Surfin' the academic sea
By Sabrina Carinci
In an age where both computers and the internet are used in everyday activities, Western is keeping up the pace.
Some departments at Western are taking advantage of the internet as a new educational tool for teaching students not only from London, but throughout North America as well.
This past summer alone Western offered 11 online courses, said Roma Harris, Western's registrar. "We work collaboratively with faculties and departments to identify courses that can be offered through the internet," she said.
"This is just another way the university continues to support students who learn at a distance."
Catherine Burr, a part-time administrative studies professor at Western, said the university's experience with teaching online is fairly new and as a medium for learning, the internet can be very effective.
"I undertook [online teaching] because I was curious how learning would take place when it's not face to face," she said.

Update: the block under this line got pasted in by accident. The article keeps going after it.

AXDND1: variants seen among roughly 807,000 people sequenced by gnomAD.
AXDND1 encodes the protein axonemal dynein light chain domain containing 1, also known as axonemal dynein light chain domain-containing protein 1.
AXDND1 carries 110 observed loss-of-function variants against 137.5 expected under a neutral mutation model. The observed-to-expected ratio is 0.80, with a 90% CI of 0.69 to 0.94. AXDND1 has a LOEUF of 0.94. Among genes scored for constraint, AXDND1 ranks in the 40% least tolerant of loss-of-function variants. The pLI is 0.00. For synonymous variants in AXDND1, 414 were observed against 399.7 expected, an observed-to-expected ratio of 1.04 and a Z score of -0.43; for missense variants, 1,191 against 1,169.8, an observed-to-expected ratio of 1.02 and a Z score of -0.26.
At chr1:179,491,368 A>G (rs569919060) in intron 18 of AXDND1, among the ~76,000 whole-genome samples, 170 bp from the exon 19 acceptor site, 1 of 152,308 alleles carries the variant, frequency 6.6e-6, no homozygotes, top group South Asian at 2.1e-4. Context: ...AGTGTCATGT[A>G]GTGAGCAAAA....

Burr has taught various administrative studies courses over the internet at Western and said she believes some topics are better taught online because more time is available for teaching. "Contact time with students is two to three times as much, but [the job] pays a lot less," she said.
According to Mary-Anne Andrusyszyn, assistant professor at the school of nursing at Western, learning to teach over the internet was sometimes a challenge for the professors themselves.
Andrusyszyn ran workshops this past summer, on behalf of the university, for professors who were taking on the new role as cyberteachers. "The workshops were to help faculty teach in a new medium," she said.
Shenan Hawkins, a first-year engineering student at Western, feels online learning is a great idea and would like to see more of it at Western. "I think it's beneficial to students like me I have trouble waking up in the morning."
Hawkins, however, was concerned with the way in which learning might be affected by technical problems, such as a break down of the university's server.
Laura Hampton, a second-year human ecology student at Brescia, said she does not believe online learning is for everyone. "I learn through [class] discussion, not through reading," she said.
Despite the benefits online learning may give to students, Harris does not believe web-based technology will replace the face to face interactions which take place in a classroom. "The internet is only one of many new tools for educational use the physical environment of the university is still important," she said.